Why is DLP retracted from approved DLP schools for Year 4 in 2018?
We refer to the education ministry’s press statement on Dual Language Programme (DLP) dated Jan 4.
We question the rationale behind the omission of Year 4, 2018 cohorts from the programme of the 1,303 selected DLP schools in 2018.
Based on the ministry’s Dec 3, 2015 DLP circular, the programme is granted to schools which have fulfilled certain criteria needed to run it, with the choice given to Year 1 and Year 4 in primary schools.
For the first and second cohorts, who started DLP in 2016 and 2017, the primary schools would have had the expertise and experience to conduct DLP classes for Year 4.
The DLP books would have already been distributed to the 2018 cohort Year 4 last year, and parents would have bought some DLP workbooks based on the booklist circulated last year.
It seems from the Jan 4, 2018 press statement, the Year 4 would have to give up their DLP books.
They can no longer proceed with the programme even though the schools have fulfilled the four DLP conditions set in 2015.
So why are they still denied the option to proceed with DLP?
Have the current Year 4 of the selected DLP schools been made sacrificial lambs to satisfy and pacify the anti-DLP group or those taking a lawsuit against the ministry?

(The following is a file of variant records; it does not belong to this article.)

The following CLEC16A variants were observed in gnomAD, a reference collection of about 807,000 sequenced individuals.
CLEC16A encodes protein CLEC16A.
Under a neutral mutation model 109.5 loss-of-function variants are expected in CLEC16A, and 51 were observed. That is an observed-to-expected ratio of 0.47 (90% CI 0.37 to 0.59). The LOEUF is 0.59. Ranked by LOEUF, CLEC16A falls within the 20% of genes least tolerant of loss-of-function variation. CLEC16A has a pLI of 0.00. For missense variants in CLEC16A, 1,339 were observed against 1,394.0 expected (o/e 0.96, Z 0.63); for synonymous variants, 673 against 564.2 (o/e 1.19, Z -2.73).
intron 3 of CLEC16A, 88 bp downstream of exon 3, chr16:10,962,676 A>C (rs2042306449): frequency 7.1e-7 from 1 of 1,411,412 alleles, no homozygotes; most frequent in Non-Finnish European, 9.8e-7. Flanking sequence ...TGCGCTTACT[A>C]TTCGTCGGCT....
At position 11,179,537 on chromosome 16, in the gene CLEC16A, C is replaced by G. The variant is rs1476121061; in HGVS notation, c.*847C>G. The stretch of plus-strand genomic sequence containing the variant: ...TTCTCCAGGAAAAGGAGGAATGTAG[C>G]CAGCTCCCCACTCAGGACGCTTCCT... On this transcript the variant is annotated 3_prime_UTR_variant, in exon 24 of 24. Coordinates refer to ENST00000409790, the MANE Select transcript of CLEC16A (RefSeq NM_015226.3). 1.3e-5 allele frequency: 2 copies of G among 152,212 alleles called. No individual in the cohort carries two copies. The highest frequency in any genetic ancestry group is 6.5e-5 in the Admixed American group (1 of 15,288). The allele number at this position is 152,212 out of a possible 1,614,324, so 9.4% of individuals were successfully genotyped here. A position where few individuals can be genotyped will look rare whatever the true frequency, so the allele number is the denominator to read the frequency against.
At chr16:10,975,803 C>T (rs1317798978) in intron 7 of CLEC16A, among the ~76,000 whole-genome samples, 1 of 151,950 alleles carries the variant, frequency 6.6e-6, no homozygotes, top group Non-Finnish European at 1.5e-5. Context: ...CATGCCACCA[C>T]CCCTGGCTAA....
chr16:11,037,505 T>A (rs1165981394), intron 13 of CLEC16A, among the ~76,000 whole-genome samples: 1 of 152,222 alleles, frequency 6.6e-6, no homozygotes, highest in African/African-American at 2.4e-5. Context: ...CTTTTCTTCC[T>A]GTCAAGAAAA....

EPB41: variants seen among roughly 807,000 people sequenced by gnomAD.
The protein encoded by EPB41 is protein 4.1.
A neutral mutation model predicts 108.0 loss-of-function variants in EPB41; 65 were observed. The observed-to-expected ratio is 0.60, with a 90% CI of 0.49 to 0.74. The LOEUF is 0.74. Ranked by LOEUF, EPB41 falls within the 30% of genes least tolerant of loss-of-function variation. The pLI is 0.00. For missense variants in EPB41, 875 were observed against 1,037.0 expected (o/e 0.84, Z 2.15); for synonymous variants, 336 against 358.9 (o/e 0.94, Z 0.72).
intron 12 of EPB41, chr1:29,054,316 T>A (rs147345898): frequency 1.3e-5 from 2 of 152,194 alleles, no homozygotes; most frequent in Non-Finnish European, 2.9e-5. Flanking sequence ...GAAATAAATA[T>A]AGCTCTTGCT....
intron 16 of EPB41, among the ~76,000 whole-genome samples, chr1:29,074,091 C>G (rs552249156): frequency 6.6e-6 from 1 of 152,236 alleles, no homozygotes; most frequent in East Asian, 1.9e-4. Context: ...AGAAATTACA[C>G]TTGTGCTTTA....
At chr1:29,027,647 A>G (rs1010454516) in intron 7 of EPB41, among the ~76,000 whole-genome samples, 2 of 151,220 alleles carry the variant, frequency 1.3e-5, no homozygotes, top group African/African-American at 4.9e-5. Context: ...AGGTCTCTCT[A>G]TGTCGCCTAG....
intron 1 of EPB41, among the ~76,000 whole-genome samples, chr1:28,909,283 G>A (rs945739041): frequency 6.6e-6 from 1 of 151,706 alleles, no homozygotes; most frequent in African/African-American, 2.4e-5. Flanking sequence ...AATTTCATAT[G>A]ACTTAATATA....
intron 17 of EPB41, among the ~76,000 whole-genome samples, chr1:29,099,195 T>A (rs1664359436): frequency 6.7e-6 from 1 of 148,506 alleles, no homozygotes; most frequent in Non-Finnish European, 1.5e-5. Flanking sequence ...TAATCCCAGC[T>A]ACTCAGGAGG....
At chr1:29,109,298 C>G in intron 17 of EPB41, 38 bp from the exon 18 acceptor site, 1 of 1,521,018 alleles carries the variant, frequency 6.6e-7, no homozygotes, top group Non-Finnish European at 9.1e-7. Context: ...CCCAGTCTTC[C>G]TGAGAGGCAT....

DLP is not forced onto those who do not want to pursue the programme, and those who oppose it can go ahead with non-DLP classes.
There is no need for any lawsuit if the parties who disagree with DLP have the option to go to non-DLP classes.
The parent-teacher association (PIBG) in DLP schools must honour and support the demand by parents who want DLP and not be an obstacle to students.
In the case of SJK(T) Vivekananda in Petaling Jaya, Selangor, the PIBG should have been supportive of parents’ choices.
According to the DLP plan set in 2015, the first cohorts of DLP schools would have achieved the status of 100% DLP schools by 2018 by having DLP classes for all levels, from Year 1 to Year 6, and ready for them to proceed to secondary DLP schools.
Parents just want the best for their children.
The ministry should honour their guidelines intended for DLP and not cave in to parties which are not stakeholders in the first place.
Be true to the principle of the Education Act 1996 which states “that pupils are to be educated in accordance with the wishes of their parents” and do it sincerely.